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Wilbur L. SHRINER v. AMICA MUTUAL INSURANCE COMPANY
¶ 1. Wilbur Shriner, the holder of a homeowner's insurance policy from Amica Mutual Insurance Company (Amica), appeals the trial court's grant of summary judgment to Amica and denial of his cross-motion for summary judgment. We affirm.
¶ 2. This Court reviews a grant of summary judgment de novo and under the same standard as that applied by the trial court. Co-op. Ins. Cos. v. Woodward, 2012 VT 22, ¶ 8, 191 Vt. 348, 45 A.3d 89. We will uphold the decision of the trial court if there are no genuine issues of material fact and the moving party is entitled to judgment as a matter of law. Id.; see also V.R.C.P. 56(a).
¶ 3. The material facts in this case are undisputed. Shriner, a retired physician, owned a glassblowing studio on Church Street in Burlington until he sold the property in December 2007 and moved the glassblowing equipment to his home in Charlotte. He and his friend, also a glassblower, eventually set up the equipment in the garage at Shriner's property and began making glass in late 2008 or early 2009. From 2009 to 2012, Shriner and his friend “sometimes made glass for a week or two, and then would shut down for weeks due to lack of money.” During that three-year period, they made glassware approximately one time per week on average, and glassmaking was never more than an occasional or part-time activity for him. Throughout those three years, Shriner earned income from glassblowing, as well as from the redevelopment and rental of investment properties and from an organic honey and vegetable operation.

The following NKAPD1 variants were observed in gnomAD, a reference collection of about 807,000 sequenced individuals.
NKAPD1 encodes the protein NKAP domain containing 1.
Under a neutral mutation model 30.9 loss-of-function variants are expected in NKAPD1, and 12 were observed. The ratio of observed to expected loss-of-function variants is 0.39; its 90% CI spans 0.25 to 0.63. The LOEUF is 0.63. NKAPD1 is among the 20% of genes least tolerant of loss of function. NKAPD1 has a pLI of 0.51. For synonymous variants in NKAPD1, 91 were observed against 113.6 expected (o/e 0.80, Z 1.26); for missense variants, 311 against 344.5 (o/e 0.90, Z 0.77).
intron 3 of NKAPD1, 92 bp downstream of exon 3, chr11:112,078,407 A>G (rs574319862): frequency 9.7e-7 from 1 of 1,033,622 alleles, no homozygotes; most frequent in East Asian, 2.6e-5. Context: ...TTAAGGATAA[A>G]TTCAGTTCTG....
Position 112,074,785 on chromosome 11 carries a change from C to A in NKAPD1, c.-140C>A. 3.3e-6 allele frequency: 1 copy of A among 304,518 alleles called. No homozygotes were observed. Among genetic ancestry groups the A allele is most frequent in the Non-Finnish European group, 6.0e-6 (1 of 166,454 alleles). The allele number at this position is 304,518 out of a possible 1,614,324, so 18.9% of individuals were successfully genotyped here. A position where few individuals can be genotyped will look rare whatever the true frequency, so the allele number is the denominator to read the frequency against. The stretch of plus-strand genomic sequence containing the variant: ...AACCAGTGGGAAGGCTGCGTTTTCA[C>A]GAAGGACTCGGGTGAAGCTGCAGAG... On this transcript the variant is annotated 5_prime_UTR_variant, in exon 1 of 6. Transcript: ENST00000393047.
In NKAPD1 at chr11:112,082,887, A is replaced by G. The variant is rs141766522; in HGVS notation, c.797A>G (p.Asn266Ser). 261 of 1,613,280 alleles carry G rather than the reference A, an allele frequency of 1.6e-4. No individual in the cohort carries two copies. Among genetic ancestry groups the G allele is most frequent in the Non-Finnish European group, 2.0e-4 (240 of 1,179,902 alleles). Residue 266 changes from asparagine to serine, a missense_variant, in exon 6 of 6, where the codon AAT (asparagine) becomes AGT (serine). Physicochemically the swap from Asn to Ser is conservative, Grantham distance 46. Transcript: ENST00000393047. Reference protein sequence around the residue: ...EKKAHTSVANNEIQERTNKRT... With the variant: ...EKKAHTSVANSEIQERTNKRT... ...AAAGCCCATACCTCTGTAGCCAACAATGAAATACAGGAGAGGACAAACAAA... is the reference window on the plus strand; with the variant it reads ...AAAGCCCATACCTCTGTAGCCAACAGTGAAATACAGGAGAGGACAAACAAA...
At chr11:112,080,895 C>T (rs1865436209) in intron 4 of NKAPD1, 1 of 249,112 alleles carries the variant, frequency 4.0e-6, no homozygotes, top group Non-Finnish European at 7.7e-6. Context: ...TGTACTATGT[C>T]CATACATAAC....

¶ 4. Shriner and his friend called their enterprise Church and Maple Glass Studio and maintained a website from which customers could purchase their glassware. Shriner identified himself as an “artisan” on his tax forms, and in all years relevant to this case, he filed a Schedule C form for business profits or losses with the Internal Revenue Services (IRS). He described his business type as “blown glass manufacturing” on the IRS forms and reported sales ranging from $4036 in 2013 to $30,350 in 2010. He also reported business expenses for items including advertising, contract labor, legal and professional services, office space, meals, and entertainment.